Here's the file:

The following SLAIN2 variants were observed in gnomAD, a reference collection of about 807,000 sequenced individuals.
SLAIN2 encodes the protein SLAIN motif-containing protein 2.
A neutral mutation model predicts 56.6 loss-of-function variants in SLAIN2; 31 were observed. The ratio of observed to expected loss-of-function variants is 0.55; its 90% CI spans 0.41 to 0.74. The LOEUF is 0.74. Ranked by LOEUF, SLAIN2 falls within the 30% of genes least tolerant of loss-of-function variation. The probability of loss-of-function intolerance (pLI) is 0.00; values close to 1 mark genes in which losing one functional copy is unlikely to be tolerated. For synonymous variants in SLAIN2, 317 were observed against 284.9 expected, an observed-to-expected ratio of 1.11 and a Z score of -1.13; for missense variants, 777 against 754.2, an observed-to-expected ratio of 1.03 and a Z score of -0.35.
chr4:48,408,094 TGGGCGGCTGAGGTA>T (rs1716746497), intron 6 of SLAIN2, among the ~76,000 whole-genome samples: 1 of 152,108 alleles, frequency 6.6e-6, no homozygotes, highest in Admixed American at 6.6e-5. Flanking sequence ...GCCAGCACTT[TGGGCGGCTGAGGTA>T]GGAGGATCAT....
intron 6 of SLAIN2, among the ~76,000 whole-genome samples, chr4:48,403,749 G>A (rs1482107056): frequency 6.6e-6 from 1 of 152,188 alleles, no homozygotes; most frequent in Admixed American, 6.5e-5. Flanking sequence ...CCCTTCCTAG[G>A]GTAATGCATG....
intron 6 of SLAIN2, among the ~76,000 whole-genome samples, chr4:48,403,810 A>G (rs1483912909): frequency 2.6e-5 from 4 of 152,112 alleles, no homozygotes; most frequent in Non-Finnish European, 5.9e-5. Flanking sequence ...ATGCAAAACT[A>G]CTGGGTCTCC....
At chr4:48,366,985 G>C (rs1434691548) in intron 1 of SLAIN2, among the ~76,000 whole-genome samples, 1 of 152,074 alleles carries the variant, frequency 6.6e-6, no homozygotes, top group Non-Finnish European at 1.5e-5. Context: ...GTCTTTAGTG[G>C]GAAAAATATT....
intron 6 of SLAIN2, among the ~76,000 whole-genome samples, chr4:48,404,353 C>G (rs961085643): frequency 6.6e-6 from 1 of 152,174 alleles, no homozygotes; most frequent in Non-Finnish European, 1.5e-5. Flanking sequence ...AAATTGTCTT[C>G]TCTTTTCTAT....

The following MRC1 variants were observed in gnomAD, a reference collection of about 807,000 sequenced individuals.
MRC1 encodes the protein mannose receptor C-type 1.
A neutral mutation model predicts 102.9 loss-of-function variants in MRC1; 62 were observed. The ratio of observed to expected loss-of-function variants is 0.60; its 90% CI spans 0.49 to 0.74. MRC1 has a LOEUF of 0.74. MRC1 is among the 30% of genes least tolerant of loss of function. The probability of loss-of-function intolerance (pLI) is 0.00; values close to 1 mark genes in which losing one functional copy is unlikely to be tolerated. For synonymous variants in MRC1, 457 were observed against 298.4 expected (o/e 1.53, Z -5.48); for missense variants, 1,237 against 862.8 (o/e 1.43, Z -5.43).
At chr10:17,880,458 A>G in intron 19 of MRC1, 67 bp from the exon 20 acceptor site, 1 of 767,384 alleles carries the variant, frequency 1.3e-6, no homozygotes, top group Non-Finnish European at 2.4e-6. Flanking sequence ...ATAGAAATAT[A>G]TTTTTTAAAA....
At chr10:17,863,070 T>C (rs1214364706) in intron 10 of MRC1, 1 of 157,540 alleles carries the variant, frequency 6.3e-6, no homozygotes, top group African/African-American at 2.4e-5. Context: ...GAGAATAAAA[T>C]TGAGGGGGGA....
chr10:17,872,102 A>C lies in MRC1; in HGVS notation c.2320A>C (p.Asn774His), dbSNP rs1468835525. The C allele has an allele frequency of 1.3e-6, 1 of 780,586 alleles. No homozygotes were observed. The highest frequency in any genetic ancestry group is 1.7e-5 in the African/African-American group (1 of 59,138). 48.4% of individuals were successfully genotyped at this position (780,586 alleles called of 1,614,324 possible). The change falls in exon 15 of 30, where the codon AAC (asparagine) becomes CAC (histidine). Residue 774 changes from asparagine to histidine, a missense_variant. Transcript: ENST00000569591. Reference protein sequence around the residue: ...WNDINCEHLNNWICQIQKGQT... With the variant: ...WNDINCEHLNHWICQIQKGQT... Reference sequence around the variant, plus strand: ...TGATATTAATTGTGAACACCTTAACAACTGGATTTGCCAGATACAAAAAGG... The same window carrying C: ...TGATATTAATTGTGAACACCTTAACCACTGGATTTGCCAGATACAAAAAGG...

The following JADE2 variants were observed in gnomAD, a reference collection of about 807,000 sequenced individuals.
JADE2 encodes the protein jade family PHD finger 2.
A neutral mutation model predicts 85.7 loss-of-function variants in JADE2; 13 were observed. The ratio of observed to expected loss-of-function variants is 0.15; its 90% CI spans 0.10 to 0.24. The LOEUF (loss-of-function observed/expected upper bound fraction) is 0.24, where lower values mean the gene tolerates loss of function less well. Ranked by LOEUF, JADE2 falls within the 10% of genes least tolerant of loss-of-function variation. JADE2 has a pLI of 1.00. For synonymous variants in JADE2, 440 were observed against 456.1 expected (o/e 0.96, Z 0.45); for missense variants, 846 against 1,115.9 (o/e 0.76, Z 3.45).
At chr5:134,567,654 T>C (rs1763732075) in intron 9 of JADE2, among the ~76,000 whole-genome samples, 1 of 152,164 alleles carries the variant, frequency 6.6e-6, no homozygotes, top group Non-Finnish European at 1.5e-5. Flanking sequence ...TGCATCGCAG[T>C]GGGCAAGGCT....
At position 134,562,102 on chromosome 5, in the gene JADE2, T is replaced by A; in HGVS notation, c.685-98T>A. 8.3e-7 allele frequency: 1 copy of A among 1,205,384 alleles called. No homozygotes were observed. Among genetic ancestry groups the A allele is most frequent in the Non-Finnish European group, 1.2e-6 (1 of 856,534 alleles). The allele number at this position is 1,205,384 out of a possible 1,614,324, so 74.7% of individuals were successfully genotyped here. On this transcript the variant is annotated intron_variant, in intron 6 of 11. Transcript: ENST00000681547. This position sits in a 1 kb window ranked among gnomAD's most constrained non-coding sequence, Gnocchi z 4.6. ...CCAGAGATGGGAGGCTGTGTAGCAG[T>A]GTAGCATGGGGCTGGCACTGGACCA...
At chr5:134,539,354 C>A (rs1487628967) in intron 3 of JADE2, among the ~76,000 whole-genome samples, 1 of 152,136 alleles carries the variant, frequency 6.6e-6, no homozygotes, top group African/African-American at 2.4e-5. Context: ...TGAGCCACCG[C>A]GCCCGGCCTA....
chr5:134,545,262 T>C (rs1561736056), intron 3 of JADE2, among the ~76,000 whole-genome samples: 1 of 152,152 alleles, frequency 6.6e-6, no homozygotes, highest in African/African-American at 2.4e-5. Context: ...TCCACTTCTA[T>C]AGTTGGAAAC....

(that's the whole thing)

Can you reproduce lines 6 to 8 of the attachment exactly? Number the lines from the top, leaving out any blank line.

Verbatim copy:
intron 6 of SLAIN2, among the ~76,000 whole-genome samples, chr4:48,403,810 A>G (rs1483912909): frequency 2.6e-5 from 4 of 152,112 alleles, no homozygotes; most frequent in Non-Finnish European, 5.9e-5. Flanking sequence ...ATGCAAAACT[A>G]CTGGGTCTCC....
At chr4:48,366,985 G>C (rs1434691548) in intron 1 of SLAIN2, among the ~76,000 whole-genome samples, 1 of 152,074 alleles carries the variant, frequency 6.6e-6, no homozygotes, top group Non-Finnish European at 1.5e-5. Context: ...GTCTTTAGTG[G>C]GAAAAATATT....
intron 6 of SLAIN2, among the ~76,000 whole-genome samples, chr4:48,404,353 C>G (rs961085643): frequency 6.6e-6 from 1 of 152,174 alleles, no homozygotes; most frequent in Non-Finnish European, 1.5e-5. Flanking sequence ...AAATTGTCTT[C>G]TCTTTTCTAT....